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Jokermen, Art And The Limits Of Politics

Manipulation and violence, animus and hypocrisy: Such is the stuff of politics on almost any given day, in any corner of the world. But, on our best days, politics holds out the possibility of actually making things better and solving our problems. These are not our best days.

In the war-torn country of Colombia, a much-hailed peace settlement to end a half-century of armed conflict was voided by a national referendum 39 days later. Not even the surprise announcement of the Nobel Peace Prize to Colombian President Juan Manuel Santos is likely to help fix the country's broken politics.

Art is a different story. The Bogota-based newspaper El Espectador describes a major new installation in the capital by famed Colombian artist Doris Salcedo. Her Sumando Ausencias ("Adding Up Absences"), where hundreds of volunteers have written with ash on white sheets the names of some 2,300 victims of civil war, depicts not so much a country that is polarized politically, but simply broken. "Art is not just an instrument for reflecting on reality in times of crisis," writes El Espectador's Arturo Charria, "but also saves and repairs what has become irreparable by other means."

Some might search for answers in another surprising Nobel announcement. Since he was awarded the 2016 Nobel prize in Literature yesterday, Bob Dylan hasn't spoken a word publicly. He did, as is his habit, play a concert last night in the appropriately surreal location of Las Vegas, Nevada. The American troubadour/sphinx, who has written some of the most memorable politically-tinged songs, will certainly not be speaking out (or probably even writing) about what is happening right now to the politics of his country. Here, instead, are just a few words from his 1983 song "Jokerman expand=1]":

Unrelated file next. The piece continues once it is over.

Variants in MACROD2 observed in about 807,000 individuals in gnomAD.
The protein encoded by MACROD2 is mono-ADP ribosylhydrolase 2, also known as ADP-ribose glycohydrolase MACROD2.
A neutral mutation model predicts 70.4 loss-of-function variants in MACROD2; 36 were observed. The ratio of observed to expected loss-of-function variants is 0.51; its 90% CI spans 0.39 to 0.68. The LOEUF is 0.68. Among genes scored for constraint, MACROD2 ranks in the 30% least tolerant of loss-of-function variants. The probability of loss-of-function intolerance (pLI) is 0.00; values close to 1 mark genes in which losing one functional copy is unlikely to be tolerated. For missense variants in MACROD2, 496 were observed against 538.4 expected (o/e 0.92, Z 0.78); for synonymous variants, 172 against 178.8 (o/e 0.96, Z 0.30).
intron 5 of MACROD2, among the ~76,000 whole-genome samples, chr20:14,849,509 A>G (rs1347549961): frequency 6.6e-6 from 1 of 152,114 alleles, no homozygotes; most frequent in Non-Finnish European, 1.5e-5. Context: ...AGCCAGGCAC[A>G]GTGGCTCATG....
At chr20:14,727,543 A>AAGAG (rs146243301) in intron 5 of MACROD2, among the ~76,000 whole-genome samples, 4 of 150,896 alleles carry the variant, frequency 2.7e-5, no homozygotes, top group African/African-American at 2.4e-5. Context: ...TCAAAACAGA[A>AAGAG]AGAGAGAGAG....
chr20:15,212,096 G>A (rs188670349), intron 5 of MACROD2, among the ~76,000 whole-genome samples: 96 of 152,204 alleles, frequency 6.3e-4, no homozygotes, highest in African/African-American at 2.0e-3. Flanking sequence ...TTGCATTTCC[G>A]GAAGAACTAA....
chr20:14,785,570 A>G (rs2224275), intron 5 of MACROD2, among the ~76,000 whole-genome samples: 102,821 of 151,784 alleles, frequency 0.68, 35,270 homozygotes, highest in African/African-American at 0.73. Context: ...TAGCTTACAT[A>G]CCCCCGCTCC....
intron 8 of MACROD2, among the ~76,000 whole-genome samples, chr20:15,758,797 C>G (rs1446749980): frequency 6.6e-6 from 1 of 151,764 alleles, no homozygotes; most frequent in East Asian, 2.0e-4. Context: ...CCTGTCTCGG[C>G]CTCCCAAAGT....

You're a man of the mountains, you can walk on the clouds,

Manipulator of crowds, you're a dream twister …



"There is nothing the political establishment will not do — no lie that they won't tell, to hold their prestige and power at your expense," Republican candidate Donald Trump told a crowd of supporters in Florida, in response to accusations published yesterday that he sexually assaulted women. "These claims are all fabricated," he said. The New York Times meanwhile stood by its report and refused to retract the story.


King Bhumidol, the world's longest-reigning monarch, as well as the longest-reigning monarch in Thai history, died yesterday in Bangkok at age 88. See how the country's media paid tribute to the king.


Everybody's favorite pooh turns 90 today. That, and more, in today's 57-second shot of history.


Colombia's government has extended the current ceasefire with the FARC rebels, which was due to expire on Oct. 31, until the end of the year, El Espectador reports. Opponents to the peace deal, led by former president Alvaro Uribe, presented the government with new proposals yesterday centered mostly on victims' rights and the FARC's access to political institutions.


Russian President Vladimir Putin ratified this morning an agreement with the Syrian government that authorizes the indefinite deployment of Russian air force in Syria, Sputnik reports.